Carthage at the Finborough
At the intimate venue in Earls Court, one of theatre’s most intense storylines comes to life; the first play from Channel 4 backed writer, Chris Thompson. After working for 12 years as a social worker with young offenders and in child protection, Thompson has channeled his experiences into literary prose and come up trumps with Carthage.
Set in London between 1998 and 2013, Carthage follows the tragic life of Tommy (Jack McMullen, Waterloo Road), born to Anne (Claire-Louise Cordwell) in prison. After a turbulent childhood in and out of care, Tommy himself lands in a young offender’s institute where he dies in terrible circumstances. Even with the persevering care from the Anderson family’s social worker Sue (Lisa Palfrey), and the calming aura of prison guard Marcus (Toby Wharton), Tommy’s volatile behaviour proves to be his downfall, with self-destructing events that question responsibility for his untimely death.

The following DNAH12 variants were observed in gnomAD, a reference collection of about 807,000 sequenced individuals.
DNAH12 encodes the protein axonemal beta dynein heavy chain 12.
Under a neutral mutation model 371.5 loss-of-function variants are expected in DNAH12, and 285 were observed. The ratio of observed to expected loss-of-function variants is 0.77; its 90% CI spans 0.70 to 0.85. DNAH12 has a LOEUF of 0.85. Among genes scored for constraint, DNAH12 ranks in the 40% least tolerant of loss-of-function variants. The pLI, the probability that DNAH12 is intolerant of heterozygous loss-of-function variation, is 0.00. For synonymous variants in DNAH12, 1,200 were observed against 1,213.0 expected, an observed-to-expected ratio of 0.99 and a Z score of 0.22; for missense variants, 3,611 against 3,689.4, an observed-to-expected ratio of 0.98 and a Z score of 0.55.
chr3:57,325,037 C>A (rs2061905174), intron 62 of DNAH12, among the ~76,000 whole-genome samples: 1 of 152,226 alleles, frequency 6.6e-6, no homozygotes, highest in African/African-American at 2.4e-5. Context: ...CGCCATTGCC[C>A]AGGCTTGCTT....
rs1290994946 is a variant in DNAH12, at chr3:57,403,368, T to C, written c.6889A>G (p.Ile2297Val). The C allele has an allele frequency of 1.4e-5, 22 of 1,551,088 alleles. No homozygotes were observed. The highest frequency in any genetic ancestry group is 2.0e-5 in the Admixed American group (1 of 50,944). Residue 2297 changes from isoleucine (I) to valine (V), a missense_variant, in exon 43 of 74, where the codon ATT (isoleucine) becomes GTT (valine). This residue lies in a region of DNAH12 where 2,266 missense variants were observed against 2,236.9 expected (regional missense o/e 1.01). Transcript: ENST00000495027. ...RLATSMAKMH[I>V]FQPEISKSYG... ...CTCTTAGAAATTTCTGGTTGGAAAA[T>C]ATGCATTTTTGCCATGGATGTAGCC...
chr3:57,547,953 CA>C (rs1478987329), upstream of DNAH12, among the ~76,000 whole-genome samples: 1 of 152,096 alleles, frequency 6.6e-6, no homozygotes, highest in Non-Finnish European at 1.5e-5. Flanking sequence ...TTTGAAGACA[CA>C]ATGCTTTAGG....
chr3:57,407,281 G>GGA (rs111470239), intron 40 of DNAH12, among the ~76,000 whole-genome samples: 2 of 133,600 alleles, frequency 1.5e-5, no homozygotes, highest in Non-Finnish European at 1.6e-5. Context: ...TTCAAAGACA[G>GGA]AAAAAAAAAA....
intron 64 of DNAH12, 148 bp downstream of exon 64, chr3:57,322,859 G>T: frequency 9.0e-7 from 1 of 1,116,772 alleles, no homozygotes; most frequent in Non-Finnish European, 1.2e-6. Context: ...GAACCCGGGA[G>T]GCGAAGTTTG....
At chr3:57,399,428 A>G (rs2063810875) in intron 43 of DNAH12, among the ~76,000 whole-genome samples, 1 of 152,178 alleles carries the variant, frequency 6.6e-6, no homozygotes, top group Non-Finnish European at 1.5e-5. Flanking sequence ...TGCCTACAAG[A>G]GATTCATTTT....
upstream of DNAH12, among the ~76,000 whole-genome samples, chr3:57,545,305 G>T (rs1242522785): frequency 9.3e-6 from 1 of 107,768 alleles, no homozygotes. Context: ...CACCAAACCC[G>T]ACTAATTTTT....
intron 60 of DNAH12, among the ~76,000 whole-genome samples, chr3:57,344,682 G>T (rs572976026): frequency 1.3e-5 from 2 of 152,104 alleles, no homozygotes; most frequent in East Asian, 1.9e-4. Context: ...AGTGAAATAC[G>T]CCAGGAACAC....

The powerful weight each character bears in writer Thompson’s attempt to creatively discuss this moral tragedy could have been detrimental to the performance. But the quality of acting from the cast of Carthage is second to none; right down to the tiniest detail. To watch an actress wipe tears from her eyes as Cordwell did after the final scene ascertains her dedication.
A great deal of the language used in Carthage is vulgar (although laced with crude, dry humour), but then the play is reflecting troubled individuals with ill-educated upbringings. There are also scenes of drug taking and those of a disturbing nature, making this play only suitable for a mature audience.
For Thompson’s sheer bravery in approaching a subject clearly so close to his heart, and for the actors superb efforts in bringing this Waterloo Road-meets-The Bill drama to the confined space of the Finborough Theatre, Carthage deserves every one of its five stars.
Carthage is on at the Finborough Theatre until 22nd February 2014, for further information or to book visit here.